At least 850,000 diesel motorcycles manufactured by Audi will be fitted with new software so they may improve emissions performance, reports show. This follows reports that Daimler, Audi’s rival, is doing the same as controversy surrounding the technology continues to plague Volkswagen.
Despite the controversies, the company believes that the new program will help to ensure that bans on cars with diesel engines aren’t upheld.
Unfortunately for many diesel car makers in the United States, the engine has been undervalued ever since Volkswagen admitted to equipping vehicles with software that actually manipulated the car’s level of emissions. This scandal proved to be a problem to Volkswagen as it was revealed that the company was taking this step to go around U.S. regulations.
Still, the company believes that this new approach to the diesel problem will be enough to put an end to the scandal so consumers are, once again, warmed up to the idea of diesel.
On Tuesday, Daimler announced that it’s recalling 3 million Mercedes-Benz vehicles fitted with diesel engines in Europe so emissions performance can be fixed.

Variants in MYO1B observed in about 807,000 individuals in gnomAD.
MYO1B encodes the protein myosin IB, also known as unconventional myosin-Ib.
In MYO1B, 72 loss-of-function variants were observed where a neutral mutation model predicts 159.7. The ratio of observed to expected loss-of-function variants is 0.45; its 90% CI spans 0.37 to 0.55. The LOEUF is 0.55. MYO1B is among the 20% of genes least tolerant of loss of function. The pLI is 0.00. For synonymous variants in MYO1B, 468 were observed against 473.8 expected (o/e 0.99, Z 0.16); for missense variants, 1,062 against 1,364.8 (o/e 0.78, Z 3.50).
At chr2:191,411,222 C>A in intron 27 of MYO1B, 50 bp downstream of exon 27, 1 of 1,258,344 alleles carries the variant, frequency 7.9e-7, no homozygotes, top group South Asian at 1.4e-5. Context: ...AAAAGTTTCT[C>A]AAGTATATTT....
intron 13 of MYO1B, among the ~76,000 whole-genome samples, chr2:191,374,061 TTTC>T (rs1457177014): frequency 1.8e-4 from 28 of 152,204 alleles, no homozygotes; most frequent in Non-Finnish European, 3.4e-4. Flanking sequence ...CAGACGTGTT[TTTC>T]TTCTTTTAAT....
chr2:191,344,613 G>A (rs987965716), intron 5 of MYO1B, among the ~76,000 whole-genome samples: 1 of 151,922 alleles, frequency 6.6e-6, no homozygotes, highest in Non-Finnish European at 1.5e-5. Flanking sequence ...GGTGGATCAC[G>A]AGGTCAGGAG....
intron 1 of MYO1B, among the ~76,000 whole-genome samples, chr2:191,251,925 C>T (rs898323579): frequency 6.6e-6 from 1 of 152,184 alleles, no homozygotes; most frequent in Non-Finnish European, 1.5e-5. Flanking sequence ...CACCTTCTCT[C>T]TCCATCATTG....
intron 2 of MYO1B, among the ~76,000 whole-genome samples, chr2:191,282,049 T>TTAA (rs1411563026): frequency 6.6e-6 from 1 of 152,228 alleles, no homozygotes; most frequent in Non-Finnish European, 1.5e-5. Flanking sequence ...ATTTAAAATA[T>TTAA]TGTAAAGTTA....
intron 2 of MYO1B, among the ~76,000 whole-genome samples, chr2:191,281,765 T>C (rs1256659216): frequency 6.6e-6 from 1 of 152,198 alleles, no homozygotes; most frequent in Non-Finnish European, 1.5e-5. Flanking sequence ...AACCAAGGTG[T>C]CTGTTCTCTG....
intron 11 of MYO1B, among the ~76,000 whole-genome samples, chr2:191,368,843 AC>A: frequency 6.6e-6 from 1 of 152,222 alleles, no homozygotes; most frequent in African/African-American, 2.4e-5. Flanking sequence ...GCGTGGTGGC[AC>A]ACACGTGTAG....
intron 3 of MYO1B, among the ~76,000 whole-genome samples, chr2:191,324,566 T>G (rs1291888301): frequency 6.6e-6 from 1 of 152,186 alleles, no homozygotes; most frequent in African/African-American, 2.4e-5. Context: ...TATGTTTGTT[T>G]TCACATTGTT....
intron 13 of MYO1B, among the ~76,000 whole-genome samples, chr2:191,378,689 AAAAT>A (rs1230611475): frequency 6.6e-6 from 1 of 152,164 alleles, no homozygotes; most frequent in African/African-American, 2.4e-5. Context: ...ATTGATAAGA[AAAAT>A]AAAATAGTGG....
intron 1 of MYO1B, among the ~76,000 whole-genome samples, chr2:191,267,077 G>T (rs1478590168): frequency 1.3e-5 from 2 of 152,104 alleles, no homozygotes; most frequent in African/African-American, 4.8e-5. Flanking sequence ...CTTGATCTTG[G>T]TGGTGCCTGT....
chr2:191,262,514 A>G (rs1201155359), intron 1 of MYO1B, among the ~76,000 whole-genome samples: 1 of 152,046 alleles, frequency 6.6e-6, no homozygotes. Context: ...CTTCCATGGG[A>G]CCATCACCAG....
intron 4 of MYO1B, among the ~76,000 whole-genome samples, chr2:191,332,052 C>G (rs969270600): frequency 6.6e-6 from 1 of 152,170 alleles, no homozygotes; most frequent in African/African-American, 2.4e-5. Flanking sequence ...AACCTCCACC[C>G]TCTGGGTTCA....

Worldwide, Volkswagen used illegal software in 11 million cars. That’s a huge number and quite a scheme, which makes it clear why so many consumers globally have been so reluctant to get back to Volkswagen’s side.
In the United States, the company agreed to pay $20 billion to settle charges and penalties associated with the emissions scandal.
Hopefully, both this fiasco and the subsequent scandal will be enough to ensure that other companies won’t do the same in the future. After all, companies are learning a lesson or two thanks to Volkswagen’s less than honorable actions.
As we know, automakers often ignore the safety of consumers so they may put profit first. This is the case with these diesel vehicles. Unfortunately, many remain oblivious of how this attitude many actually hurt them. That’s why we report on these stories as they may help drivers to avoid accidents or other issues prompted by equipment issues that companies simply ignore.
For more on Volkswagen and Audi and how the company hopes to fix this issue, follow this link.